Public-sector institutions are primarily responsible for gathering public-record information from other sources and for generating public-record information themselves. Each piece of information collected or produced by a public-sector institution has either a public or a private character. By definition, some information must be public. The clearest example is laws. Obviously, laws enacted by legislatures, signed by executives and interpreted by courts cannot be obeyed unless they are made public.
Conversely, some information has little or no significant public character. For example, public clinics treat patients who have no way to pay their own medical bills, but these patients’ medical records are considered private even though they receive care at public expense. In this case, privacy laws trump public records access requirements.
Although you cannot find the health records of individuals, that medical information is aggregated into data and statistics that monitor the state of public health at all levels of government. In each local community, contagious diseases and causes of death are recorded, tabulated and analyzed. Thus you have access to government-produced documentation about public health matters in the community, the state and the nation even though individual medical records are private.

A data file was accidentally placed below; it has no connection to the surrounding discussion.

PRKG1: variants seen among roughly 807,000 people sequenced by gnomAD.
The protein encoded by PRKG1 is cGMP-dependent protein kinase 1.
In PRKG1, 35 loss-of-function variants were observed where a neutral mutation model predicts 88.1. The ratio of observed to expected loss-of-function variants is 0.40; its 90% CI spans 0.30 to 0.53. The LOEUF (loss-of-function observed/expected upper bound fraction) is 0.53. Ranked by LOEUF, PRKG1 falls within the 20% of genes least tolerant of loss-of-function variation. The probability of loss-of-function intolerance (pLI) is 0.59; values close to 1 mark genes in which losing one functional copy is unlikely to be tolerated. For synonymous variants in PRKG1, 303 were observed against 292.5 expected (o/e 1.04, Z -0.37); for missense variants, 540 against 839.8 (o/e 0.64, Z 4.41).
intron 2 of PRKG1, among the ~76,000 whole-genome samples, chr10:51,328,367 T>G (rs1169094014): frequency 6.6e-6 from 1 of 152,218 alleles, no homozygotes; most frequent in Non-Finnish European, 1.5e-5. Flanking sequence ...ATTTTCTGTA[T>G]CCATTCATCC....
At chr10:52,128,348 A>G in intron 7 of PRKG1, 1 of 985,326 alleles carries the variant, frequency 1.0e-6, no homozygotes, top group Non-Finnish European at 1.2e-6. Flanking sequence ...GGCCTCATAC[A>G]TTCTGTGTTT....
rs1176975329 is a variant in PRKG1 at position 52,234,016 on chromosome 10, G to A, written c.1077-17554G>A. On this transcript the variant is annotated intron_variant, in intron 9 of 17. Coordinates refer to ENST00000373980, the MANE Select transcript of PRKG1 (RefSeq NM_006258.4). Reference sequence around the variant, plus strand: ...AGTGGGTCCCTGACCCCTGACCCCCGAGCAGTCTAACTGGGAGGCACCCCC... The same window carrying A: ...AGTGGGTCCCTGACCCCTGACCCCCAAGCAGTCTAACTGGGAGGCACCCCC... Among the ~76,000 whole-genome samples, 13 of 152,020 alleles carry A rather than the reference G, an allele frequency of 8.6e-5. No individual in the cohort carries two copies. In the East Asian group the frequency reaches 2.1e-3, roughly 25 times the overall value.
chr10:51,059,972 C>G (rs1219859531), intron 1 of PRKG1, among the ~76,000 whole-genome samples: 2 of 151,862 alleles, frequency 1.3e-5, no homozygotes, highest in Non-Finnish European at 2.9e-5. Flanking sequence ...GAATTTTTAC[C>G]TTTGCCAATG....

Since it is impossible to commit to memory all the sources of governmental information, you have to learn how governments operate, how they produce information, and what portion of the information is available in public records, documents and publications.
In addition to general background on governmental operations, it is useful to maintain a file of material that is specific to your local area. Such a file should include organization charts of municipal and county governments; state government organization charts; the state versions of the Freedom of Information Act, open meetings and privacy laws; and contact information or web browser bookmarks for the public sector institutions you deal with most often.